Guernsey Property - A few words about Conditions of Sale…

When you buy a property in Guernsey you will usually sign Conditions of Sale some weeks before you actually go to court to complete your purchase. Conditions of Sale are the contract between the buyer and the seller and allow the parties to agree the terms of a sale ahead of the actual completion.


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Set out in the Conditions of Sale will be a description of the property, the date of completion, the price and a list of contents.  In some cases the Conditions of Sale will contain other terms that the parties have agreed between them and which are a part of the contract. 

Conditions of Sale can be “conditional” or “unconditional”. If you are waiting for confirmation from your bank that you can borrow the money to buy the house, or your survey report, or a report on title from your advocate (or for something else) you can sign the Conditions of Sale “conditionally”, meaning you will have a certain amount of time in which to satisfy yourself as to those things. Signing Conditions of Sale conditionally means the seller is obliged to sell to you, but you can still pull out if you are not satisfied with any of the conditions. If the Conditions of Sale are “unconditional” both buyer and seller are committed to the sale and purchase.

For the Conditions of Sale to be binding the buyer must pay a deposit. The deposit for the purchase of a property is usually 10%, but it can be less if the seller agrees. If the buyer defaults he will lose his deposit, and if the seller defaults the deposit is returned to the buyer and the seller pays 10% damages to the buyer. If you are selling at the same time as buying, it is worth noting that the deposit the buyer pays on your sale cannot be used as the deposit for your purchase.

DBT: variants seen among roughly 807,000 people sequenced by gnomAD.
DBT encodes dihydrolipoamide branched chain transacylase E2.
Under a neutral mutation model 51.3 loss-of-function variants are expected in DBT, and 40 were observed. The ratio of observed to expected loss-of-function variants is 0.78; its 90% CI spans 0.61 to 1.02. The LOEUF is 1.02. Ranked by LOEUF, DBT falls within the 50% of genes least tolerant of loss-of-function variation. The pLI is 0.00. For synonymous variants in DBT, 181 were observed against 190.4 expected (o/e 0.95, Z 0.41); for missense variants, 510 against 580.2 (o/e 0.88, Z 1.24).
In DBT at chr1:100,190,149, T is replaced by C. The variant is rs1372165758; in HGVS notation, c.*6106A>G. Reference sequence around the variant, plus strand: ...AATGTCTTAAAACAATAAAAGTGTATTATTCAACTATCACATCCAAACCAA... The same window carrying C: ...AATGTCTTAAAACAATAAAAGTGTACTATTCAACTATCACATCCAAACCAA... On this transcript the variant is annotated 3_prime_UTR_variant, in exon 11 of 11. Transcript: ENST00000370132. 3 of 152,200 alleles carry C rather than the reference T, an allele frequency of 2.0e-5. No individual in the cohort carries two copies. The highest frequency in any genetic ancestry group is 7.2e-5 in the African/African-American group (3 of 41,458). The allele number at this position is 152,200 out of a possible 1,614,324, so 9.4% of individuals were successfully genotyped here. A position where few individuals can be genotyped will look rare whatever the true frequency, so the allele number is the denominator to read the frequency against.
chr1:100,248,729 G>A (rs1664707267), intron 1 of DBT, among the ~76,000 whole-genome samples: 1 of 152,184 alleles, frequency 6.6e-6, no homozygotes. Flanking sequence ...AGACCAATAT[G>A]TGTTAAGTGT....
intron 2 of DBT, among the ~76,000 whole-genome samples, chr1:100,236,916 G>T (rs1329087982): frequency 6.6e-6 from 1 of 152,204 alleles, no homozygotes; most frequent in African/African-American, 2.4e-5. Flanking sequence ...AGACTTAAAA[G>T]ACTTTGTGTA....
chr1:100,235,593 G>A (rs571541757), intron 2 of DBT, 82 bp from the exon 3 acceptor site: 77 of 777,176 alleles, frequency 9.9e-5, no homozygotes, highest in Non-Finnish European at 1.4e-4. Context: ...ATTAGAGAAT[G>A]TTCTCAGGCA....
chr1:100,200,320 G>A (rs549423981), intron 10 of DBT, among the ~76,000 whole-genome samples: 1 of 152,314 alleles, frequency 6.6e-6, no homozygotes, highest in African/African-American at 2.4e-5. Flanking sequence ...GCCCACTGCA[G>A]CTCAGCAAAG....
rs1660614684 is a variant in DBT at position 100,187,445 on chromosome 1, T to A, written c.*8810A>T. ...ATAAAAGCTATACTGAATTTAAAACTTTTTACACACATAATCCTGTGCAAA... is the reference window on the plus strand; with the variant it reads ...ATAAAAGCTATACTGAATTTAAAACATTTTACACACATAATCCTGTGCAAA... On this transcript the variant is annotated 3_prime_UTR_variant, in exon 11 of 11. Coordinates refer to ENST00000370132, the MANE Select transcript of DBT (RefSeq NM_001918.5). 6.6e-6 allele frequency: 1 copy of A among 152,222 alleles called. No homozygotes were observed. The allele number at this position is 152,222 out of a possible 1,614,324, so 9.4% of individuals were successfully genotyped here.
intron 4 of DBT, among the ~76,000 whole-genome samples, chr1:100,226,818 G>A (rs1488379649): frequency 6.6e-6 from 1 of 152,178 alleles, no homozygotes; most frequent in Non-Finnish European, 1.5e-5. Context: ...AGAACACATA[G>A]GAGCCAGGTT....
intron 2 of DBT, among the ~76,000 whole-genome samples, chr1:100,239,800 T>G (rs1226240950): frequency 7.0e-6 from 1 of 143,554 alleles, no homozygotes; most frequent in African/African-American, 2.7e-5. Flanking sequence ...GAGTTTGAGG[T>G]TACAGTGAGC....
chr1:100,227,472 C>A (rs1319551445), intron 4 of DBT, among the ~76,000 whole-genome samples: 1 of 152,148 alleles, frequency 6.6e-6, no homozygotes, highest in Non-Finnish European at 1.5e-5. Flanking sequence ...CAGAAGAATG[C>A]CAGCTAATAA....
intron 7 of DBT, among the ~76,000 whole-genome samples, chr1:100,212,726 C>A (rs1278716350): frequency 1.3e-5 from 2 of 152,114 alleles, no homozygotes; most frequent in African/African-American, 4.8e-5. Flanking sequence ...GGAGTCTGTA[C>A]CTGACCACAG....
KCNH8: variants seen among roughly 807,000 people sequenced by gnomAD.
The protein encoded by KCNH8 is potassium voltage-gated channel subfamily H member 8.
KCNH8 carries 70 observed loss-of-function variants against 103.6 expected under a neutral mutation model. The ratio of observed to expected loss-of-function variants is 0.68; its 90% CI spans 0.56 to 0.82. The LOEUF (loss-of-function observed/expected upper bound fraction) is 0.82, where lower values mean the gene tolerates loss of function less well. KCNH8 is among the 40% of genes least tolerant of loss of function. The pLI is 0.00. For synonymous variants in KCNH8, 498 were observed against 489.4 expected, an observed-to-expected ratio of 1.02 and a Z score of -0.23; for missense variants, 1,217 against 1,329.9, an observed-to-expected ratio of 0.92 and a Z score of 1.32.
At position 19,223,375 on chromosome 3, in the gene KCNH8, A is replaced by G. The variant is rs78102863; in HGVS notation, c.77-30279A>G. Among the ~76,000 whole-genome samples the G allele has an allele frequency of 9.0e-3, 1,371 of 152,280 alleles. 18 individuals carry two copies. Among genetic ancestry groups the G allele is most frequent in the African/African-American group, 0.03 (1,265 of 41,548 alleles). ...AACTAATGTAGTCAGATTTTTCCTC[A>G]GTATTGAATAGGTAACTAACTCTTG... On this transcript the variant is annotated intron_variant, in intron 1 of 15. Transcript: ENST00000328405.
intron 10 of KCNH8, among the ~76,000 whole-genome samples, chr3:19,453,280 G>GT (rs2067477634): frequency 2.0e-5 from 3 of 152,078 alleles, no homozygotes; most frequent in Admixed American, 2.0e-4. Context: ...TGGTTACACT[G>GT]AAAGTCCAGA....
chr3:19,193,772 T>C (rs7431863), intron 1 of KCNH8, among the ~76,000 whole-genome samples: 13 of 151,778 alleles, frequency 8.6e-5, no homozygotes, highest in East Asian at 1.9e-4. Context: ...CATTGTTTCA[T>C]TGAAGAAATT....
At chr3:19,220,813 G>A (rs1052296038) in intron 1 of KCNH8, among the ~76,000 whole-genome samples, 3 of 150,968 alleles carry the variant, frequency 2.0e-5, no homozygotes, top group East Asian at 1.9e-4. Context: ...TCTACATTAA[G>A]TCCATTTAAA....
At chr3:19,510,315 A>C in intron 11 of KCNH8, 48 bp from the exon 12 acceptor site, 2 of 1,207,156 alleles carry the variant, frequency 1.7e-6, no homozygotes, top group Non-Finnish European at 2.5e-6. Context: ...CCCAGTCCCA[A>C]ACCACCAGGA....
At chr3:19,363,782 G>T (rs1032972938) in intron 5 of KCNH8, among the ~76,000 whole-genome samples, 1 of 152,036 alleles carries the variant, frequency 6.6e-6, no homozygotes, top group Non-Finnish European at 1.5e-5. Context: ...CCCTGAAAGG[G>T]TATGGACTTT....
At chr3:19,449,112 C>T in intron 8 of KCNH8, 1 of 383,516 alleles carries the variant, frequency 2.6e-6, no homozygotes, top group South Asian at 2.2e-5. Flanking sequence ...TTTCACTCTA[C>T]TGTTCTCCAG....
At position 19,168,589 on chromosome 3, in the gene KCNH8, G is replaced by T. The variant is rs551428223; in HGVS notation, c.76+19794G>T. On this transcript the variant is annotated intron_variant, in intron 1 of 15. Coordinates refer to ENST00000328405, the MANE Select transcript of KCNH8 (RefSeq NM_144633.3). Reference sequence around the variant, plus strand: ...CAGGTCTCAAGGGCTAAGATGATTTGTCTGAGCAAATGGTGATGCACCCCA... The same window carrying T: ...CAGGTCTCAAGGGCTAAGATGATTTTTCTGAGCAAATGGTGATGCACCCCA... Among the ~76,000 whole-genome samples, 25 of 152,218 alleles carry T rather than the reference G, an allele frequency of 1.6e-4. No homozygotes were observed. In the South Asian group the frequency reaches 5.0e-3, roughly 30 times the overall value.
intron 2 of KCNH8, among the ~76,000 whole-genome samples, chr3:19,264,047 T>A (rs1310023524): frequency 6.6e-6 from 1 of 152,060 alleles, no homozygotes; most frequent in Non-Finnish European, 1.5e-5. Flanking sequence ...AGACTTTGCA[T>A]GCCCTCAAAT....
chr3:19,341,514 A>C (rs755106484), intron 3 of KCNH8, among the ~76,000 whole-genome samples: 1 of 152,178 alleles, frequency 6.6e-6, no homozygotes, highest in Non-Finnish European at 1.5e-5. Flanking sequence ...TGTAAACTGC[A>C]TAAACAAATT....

The Conditions of Sale contain some important terms and conditions and your Advocate will go through these with you.

Ogier's team of conveyancers can help – contact us on 01481 721672 tel and email

The information and expressions of opinion contained in this guide are not intended to be a comprehensive study or to provide legal advice and should not be treated as a substitute for specific advice concerning individual situations.